The Man in the White Hat: Indiana’s Henry F. Schricker

By Ray Hill

For many years the governors of Indiana were confined to serving one four-year term and sitting it out for another four years before they could run again. Several tried, but the only man to have succeeded in making a return to the governor’s office was Henry F. Schricker, the 36th and 38th governor of the State of Indiana. Schricker’s success is all the more remarkable when one considers he was a Democrat at a time when the Republicans were once again on the ascendancy after a period of having been shut out of statewide offices. When Henry Frederick Schricker first ran for governor in 1940, he had excellent running mates in Franklin D. Roosevelt at the top of the ticket and Sherman “Shay” Minton, who was seeking to win a second term in the United States Senate. As the ballots began trickling in, it became readily apparent the gubernatorial election between Henry Schricker and GOP candidate Glenn R. Hillis was incredibly close. While the presidential and senatorial elections were also close, FDR faced Hoosier native Wendell Willkie and was trailing by a few thousand votes. Likewise, Senator Shay Minton was running slightly behind Raymond Willis, a country editor who had quite nearly beaten senior U.S. Senator Frederick Van Nuys two years earlier. Eventually, Willkie prevailed by just over 25,000 votes, while Willis won by just over 24,000. Henry F. Schricker accomplished what few others could do by running ahead of Franklin Delano Roosevelt. Schricker beat Glenn Hillis by 3,963 out of more than 1,775,000 votes cast for the two party candidates.

Henry Schricker had demonstrated immense appeal and had obviously won the votes of several thousand Republicans who did not support either President Roosevelt or Senator Minton. Schricker had been the personal choice of then-Governor Paul V. McNutt, leader of the Democratic political machine in the Hoosier State, to run with Clifford Townsend in 1936. McNutt believed Schricker could help to draw GOP votes to the Democratic ticket. Schricker’s campaign symbol was a white hat, which was his personal trademark. Throughout his campaigns for statewide office, Schricker used campaign buttons with nothing on them save for a white hat.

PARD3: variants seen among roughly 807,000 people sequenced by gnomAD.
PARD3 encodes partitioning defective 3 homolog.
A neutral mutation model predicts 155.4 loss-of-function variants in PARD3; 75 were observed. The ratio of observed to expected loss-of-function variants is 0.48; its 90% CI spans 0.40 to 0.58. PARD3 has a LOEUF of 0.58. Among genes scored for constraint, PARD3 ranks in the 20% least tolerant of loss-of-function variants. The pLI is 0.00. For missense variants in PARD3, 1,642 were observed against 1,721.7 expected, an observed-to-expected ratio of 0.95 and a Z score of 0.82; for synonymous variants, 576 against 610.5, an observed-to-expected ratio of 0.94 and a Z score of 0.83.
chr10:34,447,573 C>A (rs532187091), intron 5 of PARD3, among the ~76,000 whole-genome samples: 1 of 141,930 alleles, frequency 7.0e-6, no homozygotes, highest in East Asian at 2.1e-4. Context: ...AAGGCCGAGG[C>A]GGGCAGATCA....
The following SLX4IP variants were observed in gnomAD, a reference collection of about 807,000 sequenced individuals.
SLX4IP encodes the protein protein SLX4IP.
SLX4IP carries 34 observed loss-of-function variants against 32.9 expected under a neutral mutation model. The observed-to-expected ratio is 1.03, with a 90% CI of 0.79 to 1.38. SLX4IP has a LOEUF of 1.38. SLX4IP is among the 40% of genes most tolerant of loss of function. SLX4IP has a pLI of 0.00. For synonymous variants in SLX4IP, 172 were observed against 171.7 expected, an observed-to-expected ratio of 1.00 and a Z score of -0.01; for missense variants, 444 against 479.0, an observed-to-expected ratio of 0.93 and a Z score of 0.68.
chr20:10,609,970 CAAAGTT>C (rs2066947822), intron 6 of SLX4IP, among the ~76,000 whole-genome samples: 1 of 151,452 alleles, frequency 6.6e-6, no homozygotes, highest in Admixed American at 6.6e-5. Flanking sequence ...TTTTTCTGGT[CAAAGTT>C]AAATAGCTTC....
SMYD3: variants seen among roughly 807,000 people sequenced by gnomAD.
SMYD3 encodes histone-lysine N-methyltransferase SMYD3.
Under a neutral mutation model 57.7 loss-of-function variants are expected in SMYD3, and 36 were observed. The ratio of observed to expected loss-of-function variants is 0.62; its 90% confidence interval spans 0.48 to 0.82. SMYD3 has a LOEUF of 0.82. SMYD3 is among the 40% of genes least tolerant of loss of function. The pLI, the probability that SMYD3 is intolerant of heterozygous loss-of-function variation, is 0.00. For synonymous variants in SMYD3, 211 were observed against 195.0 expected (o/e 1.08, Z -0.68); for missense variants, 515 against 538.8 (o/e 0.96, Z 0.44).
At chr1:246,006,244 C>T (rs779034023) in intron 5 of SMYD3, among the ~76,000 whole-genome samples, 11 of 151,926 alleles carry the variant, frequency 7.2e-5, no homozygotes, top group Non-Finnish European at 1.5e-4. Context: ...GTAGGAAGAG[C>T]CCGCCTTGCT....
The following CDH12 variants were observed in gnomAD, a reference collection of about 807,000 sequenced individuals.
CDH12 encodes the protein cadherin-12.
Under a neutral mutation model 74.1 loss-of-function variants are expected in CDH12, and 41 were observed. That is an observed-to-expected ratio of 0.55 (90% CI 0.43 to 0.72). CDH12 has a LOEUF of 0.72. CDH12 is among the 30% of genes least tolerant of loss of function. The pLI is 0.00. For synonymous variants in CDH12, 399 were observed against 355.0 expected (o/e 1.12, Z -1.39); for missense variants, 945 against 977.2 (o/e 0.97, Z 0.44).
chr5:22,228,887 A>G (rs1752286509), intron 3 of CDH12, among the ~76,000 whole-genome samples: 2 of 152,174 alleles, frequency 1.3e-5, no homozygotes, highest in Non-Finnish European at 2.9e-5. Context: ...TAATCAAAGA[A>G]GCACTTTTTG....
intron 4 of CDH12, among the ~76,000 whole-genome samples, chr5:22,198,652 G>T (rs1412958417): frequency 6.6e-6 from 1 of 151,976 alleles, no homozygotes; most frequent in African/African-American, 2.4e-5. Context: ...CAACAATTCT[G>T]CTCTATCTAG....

The 1940 election saw the Democratic victories of 1932 and 1936 largely swept away. For the first time in fifteen years, Republicans had won large majorities in the state legislature. While Schricker was certainly thought to be more conservative than his predecessor, Clifford Townsend, the newly elected governor was sure to have numerous disputes with the GOP legislative majorities over policy matters.

The expected clash with the Republican General Assembly was not long in coming. The legislature quickly passed legislation designed to sharply pare away the governor’s authority to direct agencies of state government as well as the authority to appoint various officials. The governor complained the legislature was attempting to reduce his status to that of a mere “errand boy.” Governor Schricker promptly vetoed the bill, but in Indiana, only a simple majority was required to override a veto by the chief executive. The Indiana General Assembly promptly overrode Schricker’s veto. Nor was the legislature done with trying to remove the governor as the state’s chief executive in all but name. The legislature passed the State Administration Act of 1941, which placed the state government of Indiana into five departments, only one of which, coincidentally the smallest of the five, answered to the governor. The other four were to be placed under the authority of a three-member board of commissioners. The three member board was to be comprised of the governor and two other members designated by the state legislature. Governor Schricker promptly filed suit in state courts claiming the bill violated the division of powers as stated by Indiana’s Constitution. Schricker won the lawsuit on a vote of 4-1 on the Indiana State Supreme Court.